About Us | Help Videos | Contact Us | Subscriptions
 

Book: Tall Fescue for the Twenty-first Century
Published by: American Society of Agronomy, Crop Science Society of America, Soil Science Society of America

 

This chapter in TALL FESCUE FOR THE TWENTY-FIRST CENTURY

  1.  p. 159-201
    Agronomy Monographs 53.
    Tall Fescue for the Twenty-first Century

    H.A. Fribourg, D.B. Hannaway and C.P. West (ed.)

    ISBN: 978-0-89118-185-9

     
    Published: 2009


 View
 Download
 Alerts
 Permissions
 Share

doi:10.2134/agronmonogr53.c11

Nutritive Value

  1. Joseph C. Burns
  1. USDA-ARS, Dep. of Crop Science, Dep. of Animal Science, North Carolina State University, Raleigh

Abstract

Abstract

The nutritive value of a forage largely determines ruminant animal daily performance through the provision of digestible energy, crude protein (CP), minerals, and vitamins. This chapter will examine the nutritional composition of tall fescue [Lolium arundinaceum (Schreb.) Darbysh.] in comparison with other perennial, cool-season grasses when managed as pasture, cut and preserved as hay or silage, or stockpiled in situ for later consumption. Unlike most cool-season grasses, the relationship between the nutritive value of tall fescue and animal daily response is variable. This is attributed to the presence of the endemic endophyte Neotyphodium coenophialum (Morgan-Jones and Gams) Glenn, Bacon, and Hanlin, which causes the host plant–fungus symbiont to produce alkaloids that can influence negatively animal utilization of nutrients. The nutrient composition of tall fescue, however, is not altered by the presence of the endophyte. In general, the nutritive value of tall fescue is similar to that of other perennial, cool-season grasses when managed similarly. Under grazing conditions, the CP concentration, the most comprehensive index of nutritive value in the literature, of tall fescue and other cool-season grasses is greater in spring growth, declines to a low in summer, and increases with the onset of autumn growth. Dry matter disappearance (DMD) has trends similar to those for CP, whereas fiber fractions increase in summer and decline in autumn. When stockpiling autumn growth for winter grazing, CP and DMD concentrations generally decline from early autumn to early winter, but increase again in late winter/early spring with the onset of new growth. Fiber fractions show an inverse relationship. Just as for most cool-season grasses, tall fescue CP and DMD concentrations increase and fiber fractions decrease with the supply of N fertilizer and with frequency of defoliation. Forage accumulated in summer for grazing during autumn and winter has greater CP concentrations when N application is deferred from June or July until September. When harvested and preserved as hay or silage, CP and DMD concentrations of tall fescue are similar to those of other cool-season grasses and all forages decline in both as plants mature from vegetative through the heading stage. The inconsistencies that exist between the nutritive value of tall fescue and animal daily responses are addressed, and consideration is given to the direction of future research.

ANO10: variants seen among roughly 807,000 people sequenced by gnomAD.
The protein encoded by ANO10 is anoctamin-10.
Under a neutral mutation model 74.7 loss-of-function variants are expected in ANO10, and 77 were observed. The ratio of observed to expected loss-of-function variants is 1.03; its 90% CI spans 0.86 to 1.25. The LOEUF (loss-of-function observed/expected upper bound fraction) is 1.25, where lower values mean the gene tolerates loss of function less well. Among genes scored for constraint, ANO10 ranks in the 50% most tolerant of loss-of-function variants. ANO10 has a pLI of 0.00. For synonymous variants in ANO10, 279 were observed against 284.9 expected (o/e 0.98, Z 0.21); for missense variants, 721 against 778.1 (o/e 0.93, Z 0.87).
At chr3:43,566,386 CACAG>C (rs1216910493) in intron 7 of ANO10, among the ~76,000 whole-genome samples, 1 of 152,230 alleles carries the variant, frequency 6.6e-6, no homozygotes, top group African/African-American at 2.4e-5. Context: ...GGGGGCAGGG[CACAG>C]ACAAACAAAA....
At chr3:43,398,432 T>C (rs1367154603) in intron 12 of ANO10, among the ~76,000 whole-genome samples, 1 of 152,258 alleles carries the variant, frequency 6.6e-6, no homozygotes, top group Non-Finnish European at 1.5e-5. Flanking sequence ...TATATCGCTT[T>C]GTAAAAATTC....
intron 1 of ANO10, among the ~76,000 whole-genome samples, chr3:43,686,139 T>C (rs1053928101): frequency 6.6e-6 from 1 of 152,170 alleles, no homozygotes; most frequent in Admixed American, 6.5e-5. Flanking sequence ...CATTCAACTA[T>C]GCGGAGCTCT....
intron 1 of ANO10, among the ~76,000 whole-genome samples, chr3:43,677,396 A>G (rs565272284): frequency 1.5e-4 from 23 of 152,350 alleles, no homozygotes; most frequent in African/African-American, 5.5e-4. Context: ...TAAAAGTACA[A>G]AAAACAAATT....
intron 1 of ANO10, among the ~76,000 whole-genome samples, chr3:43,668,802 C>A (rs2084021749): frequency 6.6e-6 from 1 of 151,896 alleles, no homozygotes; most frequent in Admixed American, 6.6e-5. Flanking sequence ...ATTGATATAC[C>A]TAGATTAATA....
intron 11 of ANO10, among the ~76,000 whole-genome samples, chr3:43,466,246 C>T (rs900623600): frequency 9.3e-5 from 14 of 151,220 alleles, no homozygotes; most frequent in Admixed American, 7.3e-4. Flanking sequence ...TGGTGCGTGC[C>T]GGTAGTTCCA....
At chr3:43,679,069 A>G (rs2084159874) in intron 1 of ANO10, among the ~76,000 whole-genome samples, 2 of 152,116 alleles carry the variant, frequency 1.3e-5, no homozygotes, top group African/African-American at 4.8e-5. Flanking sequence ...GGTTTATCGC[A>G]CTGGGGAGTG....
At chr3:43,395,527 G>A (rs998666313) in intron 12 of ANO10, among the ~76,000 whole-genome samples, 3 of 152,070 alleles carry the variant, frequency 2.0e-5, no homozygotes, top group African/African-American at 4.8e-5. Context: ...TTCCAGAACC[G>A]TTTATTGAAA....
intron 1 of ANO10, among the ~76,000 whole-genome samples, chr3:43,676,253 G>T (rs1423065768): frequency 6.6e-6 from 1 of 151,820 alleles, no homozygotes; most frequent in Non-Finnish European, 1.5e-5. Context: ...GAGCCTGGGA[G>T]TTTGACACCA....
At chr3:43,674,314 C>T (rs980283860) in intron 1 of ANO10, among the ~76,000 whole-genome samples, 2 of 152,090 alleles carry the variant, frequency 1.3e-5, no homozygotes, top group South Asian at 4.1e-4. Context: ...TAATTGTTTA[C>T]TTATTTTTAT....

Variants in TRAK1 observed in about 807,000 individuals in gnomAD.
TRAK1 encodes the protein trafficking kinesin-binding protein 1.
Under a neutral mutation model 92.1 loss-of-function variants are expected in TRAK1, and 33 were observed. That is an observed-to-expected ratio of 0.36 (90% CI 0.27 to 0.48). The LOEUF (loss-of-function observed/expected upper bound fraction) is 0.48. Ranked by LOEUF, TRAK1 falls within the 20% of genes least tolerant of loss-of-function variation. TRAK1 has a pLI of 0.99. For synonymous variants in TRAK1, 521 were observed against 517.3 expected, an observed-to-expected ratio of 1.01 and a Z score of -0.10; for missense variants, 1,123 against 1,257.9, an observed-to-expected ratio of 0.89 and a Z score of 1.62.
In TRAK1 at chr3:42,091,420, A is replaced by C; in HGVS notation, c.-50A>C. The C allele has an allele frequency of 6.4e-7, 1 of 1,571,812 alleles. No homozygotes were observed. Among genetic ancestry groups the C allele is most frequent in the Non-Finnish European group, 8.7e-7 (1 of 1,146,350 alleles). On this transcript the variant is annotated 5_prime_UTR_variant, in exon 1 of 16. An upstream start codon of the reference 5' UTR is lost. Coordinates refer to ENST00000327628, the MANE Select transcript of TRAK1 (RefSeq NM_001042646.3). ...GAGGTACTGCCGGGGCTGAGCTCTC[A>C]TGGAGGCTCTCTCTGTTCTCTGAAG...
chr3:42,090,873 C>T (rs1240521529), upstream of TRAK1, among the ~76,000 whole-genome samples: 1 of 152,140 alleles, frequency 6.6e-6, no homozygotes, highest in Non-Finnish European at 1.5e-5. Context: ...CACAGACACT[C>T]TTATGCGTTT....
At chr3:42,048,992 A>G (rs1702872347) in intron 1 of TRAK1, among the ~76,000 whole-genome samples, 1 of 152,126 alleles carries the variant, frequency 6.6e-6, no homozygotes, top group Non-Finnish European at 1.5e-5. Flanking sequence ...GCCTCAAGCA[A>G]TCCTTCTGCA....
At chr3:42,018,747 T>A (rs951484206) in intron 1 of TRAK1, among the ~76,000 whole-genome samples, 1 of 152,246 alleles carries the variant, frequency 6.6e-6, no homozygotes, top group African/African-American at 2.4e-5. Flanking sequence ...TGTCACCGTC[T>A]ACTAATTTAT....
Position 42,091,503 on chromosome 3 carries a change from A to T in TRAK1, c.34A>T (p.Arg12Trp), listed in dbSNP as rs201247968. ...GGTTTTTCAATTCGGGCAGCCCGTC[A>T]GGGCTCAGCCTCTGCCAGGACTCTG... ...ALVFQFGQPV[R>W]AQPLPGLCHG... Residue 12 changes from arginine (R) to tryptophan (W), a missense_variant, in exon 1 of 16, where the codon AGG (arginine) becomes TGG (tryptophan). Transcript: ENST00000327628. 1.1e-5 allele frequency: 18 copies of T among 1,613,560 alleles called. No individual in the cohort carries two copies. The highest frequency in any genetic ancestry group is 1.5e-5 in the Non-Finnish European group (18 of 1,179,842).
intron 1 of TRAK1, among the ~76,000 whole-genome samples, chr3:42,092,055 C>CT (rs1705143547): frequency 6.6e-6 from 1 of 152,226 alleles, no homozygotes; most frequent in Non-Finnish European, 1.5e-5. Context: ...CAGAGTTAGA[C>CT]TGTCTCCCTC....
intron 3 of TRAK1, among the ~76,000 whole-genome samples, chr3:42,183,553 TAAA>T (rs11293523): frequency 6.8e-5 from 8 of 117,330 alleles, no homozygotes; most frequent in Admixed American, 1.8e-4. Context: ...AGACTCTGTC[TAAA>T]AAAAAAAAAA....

Please view the pdf by using the Full Text (PDF) link under 'View' to the left.

Copyright © 2009. American Society of Agronomy, Crop Science Society of America, Soil Science Society of America, 5585 Guilford Road, Madison, WI 53711-5801, USA. Tall Fescue for the Twenty-first Century. H.A. Fribourg, D.B. Hannaway, and C.P. West (ed.)